ZS: Certainly. It’s a good one to discuss afterward over drinks… Or maybe don’t discuss anything, let the romance be your guide for the evening and discuss the film over coffee the following morning.
GALO: The film is chockfull with wonderful quotes that make one stop and think. However, there were two that really struck me in particular. One was said by Frank Langella: “It takes random to find random.” While the other was said by Zooey Deschanel: “If something is in motion does it have to happen?” I’m curious as to whether you agree with what was said by Frank in the film, and what your thoughts are on the perception of fate and being able to change something that is already occurring in some degree, as suggested by Zooey. Can it be changed or is it already set in stone?
ZS: Thank you kindly.
Again, I like the idea that there is some order to actions and their reactions over time in the universe. We can call it karma or fate or destiny. I don’t know about all that. I think being human is that you have to wonder but can’t claim to know for certain. Or at least I think that’s the case. I can’t be certain about that either.
And certainly I want to believe that I have the agency to make my own choices and chart my own path through life. I definitely have the ignorance of perceiving to have that agency, even if it’s already been decided what I’ll choose.
GALO: As mentioned before, the film deals with a variety of philosophical questions about one’s place in the universe as well as the semblance of time and the future, making one think about one’s existence. But I’m curious as to what you would like viewers to take away from this film — what would you like them to converse and ruminate about? This certainly is a movie that remains with you for some time.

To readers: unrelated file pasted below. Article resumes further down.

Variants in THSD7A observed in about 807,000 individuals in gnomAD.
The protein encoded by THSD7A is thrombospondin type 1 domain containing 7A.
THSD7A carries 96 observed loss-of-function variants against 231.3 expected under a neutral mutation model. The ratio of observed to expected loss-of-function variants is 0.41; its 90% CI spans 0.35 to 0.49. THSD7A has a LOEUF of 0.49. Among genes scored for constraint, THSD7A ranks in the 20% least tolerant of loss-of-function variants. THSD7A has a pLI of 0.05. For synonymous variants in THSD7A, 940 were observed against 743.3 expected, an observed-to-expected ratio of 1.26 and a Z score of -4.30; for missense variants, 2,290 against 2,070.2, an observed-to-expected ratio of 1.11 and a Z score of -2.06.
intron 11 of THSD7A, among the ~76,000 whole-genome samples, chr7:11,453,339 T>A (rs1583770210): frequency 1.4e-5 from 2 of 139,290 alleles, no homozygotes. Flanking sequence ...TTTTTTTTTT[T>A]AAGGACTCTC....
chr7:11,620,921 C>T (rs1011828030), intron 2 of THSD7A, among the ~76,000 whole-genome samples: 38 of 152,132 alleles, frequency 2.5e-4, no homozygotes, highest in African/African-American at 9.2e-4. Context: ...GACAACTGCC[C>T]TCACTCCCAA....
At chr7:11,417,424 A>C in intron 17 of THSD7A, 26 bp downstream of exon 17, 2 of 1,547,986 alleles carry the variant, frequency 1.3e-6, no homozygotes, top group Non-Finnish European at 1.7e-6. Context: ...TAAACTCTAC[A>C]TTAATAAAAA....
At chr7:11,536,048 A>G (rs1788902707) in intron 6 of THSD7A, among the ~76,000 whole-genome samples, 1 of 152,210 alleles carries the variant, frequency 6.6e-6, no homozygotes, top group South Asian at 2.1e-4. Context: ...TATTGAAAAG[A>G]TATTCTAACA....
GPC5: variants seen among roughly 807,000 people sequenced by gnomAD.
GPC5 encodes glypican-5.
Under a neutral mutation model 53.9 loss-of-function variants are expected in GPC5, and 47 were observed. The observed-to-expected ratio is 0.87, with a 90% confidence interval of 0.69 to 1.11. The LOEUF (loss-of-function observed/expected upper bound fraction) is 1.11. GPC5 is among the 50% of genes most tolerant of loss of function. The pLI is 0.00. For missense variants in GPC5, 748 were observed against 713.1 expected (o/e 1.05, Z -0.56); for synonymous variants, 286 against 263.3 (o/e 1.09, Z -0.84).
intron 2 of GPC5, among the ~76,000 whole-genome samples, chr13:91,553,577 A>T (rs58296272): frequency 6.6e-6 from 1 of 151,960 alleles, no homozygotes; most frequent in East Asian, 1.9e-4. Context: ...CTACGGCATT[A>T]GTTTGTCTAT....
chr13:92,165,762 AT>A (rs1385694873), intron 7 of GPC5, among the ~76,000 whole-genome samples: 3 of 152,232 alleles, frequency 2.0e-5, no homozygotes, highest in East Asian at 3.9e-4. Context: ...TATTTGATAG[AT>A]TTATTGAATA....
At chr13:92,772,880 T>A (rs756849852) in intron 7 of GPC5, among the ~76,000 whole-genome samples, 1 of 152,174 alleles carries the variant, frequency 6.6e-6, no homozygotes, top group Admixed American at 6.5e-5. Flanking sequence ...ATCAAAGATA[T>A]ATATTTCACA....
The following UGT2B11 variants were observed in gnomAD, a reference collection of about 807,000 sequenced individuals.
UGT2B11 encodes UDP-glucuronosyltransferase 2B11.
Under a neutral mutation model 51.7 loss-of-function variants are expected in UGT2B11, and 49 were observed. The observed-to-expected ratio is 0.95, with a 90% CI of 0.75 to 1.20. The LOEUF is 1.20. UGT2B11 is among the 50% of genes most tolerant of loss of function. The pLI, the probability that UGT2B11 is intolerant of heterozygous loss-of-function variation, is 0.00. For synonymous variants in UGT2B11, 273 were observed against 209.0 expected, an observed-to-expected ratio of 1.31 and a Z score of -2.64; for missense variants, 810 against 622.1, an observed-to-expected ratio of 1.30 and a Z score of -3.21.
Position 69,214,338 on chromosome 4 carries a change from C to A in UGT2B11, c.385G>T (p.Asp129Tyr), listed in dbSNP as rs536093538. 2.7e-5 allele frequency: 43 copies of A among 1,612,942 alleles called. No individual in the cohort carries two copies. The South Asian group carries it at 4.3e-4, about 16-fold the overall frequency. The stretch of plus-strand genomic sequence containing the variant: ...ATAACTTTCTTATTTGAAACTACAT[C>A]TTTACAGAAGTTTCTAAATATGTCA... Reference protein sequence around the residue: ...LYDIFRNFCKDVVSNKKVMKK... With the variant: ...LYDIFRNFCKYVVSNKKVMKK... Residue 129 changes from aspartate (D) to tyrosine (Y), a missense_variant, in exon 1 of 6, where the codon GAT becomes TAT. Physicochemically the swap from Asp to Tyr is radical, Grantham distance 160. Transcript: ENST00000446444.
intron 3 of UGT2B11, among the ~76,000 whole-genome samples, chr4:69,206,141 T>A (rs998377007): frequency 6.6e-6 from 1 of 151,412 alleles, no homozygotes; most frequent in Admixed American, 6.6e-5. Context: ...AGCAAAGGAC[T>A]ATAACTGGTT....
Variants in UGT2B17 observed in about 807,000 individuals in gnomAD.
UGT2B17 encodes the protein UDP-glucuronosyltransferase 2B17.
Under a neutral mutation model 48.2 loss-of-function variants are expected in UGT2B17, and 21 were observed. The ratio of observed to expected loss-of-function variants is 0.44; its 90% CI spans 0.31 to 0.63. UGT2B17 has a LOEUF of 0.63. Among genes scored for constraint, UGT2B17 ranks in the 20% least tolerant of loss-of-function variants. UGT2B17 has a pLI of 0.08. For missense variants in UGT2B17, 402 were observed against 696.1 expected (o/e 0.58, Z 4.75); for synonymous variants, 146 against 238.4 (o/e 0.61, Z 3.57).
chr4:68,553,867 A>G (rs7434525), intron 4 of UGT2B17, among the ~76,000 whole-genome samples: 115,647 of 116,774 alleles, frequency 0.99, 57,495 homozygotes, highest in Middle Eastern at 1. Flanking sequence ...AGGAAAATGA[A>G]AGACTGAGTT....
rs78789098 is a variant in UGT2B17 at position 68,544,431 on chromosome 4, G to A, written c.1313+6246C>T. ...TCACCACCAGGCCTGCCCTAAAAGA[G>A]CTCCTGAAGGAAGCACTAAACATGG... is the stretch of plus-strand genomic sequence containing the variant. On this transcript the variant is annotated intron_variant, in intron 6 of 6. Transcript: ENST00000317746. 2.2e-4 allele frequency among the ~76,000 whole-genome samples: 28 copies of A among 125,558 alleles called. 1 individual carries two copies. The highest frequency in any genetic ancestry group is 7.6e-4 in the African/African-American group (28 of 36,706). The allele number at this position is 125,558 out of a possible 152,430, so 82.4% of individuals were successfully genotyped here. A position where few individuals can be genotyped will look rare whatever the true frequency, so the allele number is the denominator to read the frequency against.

ZS: I’m really glad you feel that way. I hope the film provides many opportunities for conversation and reflection. I feel I’d be doing a disservice to you and the viewers, who enjoy the types of films that provoke those thoughts, if I steered them one way or the other in this interview. The film should stand on its own. Anything more that I’d add [to it] would only muddy things up or block potentially interesting roads for you to travel down.
GALO: Unfortunately, the Tribeca Film Festival can’t last forever (as much as we might want it to!). With it wrapping up, can you share with us what you will be working on next? Do you have any new films in the works, perhaps?
ZS: I’m in the process of writing something new, but it’s too early to share yet.
GALO: Finally, given that you’ve now worked with Tom twice before, is there a chance that we will see more collaborative work from the two of you? And since you’ve dabbled in writing scripts, have you ever considered flipping sides for a moment and writing a novel or novella?
ZS: It would be a pleasure to continue to collaborate with Tom. There’s definitely a good chance of that.
I don’t foresee myself writing a novel. It’s too lonely a process. That’s why I love directing. You get to work with countless artists to tell this story together. That’s why I write scripts, to get to work with those people.
For more information about the film or Zachary Sluser’s current endeavors, you can follow him on Twitter @zacharysluser.